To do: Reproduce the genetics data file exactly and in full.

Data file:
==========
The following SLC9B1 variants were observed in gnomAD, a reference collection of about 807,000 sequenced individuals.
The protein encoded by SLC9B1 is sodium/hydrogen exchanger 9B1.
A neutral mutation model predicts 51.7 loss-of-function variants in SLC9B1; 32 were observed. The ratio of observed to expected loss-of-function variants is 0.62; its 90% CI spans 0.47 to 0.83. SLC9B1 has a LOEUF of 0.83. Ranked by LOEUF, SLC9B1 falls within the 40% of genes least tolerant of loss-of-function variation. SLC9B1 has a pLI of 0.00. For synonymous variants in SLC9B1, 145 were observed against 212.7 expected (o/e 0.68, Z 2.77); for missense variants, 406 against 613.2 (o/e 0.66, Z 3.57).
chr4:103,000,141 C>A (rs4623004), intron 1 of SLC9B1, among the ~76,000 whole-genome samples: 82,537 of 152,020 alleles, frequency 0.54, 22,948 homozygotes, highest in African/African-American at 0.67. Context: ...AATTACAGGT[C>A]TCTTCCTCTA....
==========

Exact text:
The following SLC9B1 variants were observed in gnomAD, a reference collection of about 807,000 sequenced individuals.
The protein encoded by SLC9B1 is sodium/hydrogen exchanger 9B1.
A neutral mutation model predicts 51.7 loss-of-function variants in SLC9B1; 32 were observed. The ratio of observed to expected loss-of-function variants is 0.62; its 90% CI spans 0.47 to 0.83. SLC9B1 has a LOEUF of 0.83. Ranked by LOEUF, SLC9B1 falls within the 40% of genes least tolerant of loss-of-function variation. SLC9B1 has a pLI of 0.00. For synonymous variants in SLC9B1, 145 were observed against 212.7 expected (o/e 0.68, Z 2.77); for missense variants, 406 against 613.2 (o/e 0.66, Z 3.57).
chr4:103,000,141 C>A (rs4623004), intron 1 of SLC9B1, among the ~76,000 whole-genome samples: 82,537 of 152,020 alleles, frequency 0.54, 22,948 homozygotes, highest in African/African-American at 0.67. Context: ...AATTACAGGT[C>A]TCTTCCTCTA....